Sunday, February 19, 2006

The Politically Incorrect Science Fair - Stem cells, global warming, intelligent design. Looking for a leg up, kids turn to trendy topics: "In Columbus, Ohio, one junior says she can track global-warming effects with a computer model. A 17-year-old in Portland, Ore., is facing off against the intelligent-design movement by wrapping his RNA research around evolution. Elsewhere, students are tackling everything from stem-cell research and avian flu to genetically modified food and abortion.

With federal efforts to promote science in the name of global competitiveness -- President Bush mentioned it in his recent State of the Union address -- science fairs have reached new levels of intensity. Decades ago, kids did their projects at home with mom or dad, then presented them on simple poster boards using rubber cement and colorful cutouts. Today, they spend summers researching their topics in labs, getting help from scientists and submitting their work for publication in professional journals after the fair.

The race is intensifying further, with the number of entrants to the Intel International Science and Engineering Fair -- the country's largest, and separate from the Talent Search -- increasing by a third over the past decade. Newer fairs, like the Young Epidemiology Scholars contest and the USA Biology Olympiad, promise scholarships and award money for original investigation.

Some federal agencies are raising the stakes: When the Department of Homeland Security started offering $20,000 college scholarships to high-school students in 2004, the ideas flowed in. This year's contenders proposed an anthrax antidote, a numerical system to predict violent conflict and a computer model that can help identify terrorists' faces.

Serene Chen says she might not be at Harvard now were it not for her application essay, which described her fetal-stem-cell research on the characteristics of Down syndrome. "If you say you studied something like 'random molecule,' it's obscure, but when you say 'stem cells,' people really perk up," says Ms. Chen, 20, now a sophomore.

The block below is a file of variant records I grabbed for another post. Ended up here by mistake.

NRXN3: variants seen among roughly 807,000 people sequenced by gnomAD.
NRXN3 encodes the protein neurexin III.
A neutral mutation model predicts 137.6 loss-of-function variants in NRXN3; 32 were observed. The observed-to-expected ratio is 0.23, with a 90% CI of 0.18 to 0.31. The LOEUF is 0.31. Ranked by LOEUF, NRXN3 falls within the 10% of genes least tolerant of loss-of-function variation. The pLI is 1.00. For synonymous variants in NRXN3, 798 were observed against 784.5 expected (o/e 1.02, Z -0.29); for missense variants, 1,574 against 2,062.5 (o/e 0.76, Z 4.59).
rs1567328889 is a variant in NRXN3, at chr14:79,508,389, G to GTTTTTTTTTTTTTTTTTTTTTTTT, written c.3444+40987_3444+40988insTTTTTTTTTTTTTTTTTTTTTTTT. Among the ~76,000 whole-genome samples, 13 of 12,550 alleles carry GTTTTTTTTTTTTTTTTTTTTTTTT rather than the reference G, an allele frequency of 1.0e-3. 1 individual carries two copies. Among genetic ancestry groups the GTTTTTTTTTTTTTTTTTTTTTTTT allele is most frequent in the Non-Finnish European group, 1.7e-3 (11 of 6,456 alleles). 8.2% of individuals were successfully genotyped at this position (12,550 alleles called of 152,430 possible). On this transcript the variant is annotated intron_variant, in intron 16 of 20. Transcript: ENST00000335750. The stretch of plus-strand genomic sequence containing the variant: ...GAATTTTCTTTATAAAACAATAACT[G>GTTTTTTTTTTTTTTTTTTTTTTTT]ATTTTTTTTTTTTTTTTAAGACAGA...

To be sure, these hot-button projects are the exception at science fairs, mixed in with more traditional topics like "An Exploration into Inter-Polar Magnetic Forces" and "Seismic Signature of Ocean Surf as It Relates to Wave Energy and Coastal Erosion." But some educators and students say projects playing off current debates can improve the odds of getting noticed, winning a prize and having a showpiece entry for a college résumé.

There are pitfalls to the new political science, including fair rules that vary by state and govern what research and materials are allowed. The Massachusetts State Science Fair rules, for example, ban embryonic stem-cell projects, while many states, along with the prestigious Intel Science Talent Search, let them through. And some say latching on to a controversial topic is a cheap way to get buzz. Of a 2002 project involving marijuana muffins for pain management in Santa Cruz, Calif., Mission Hill Middle School science teacher Sherri Kilkenny says, "It got all this attention, but it was very average at best."

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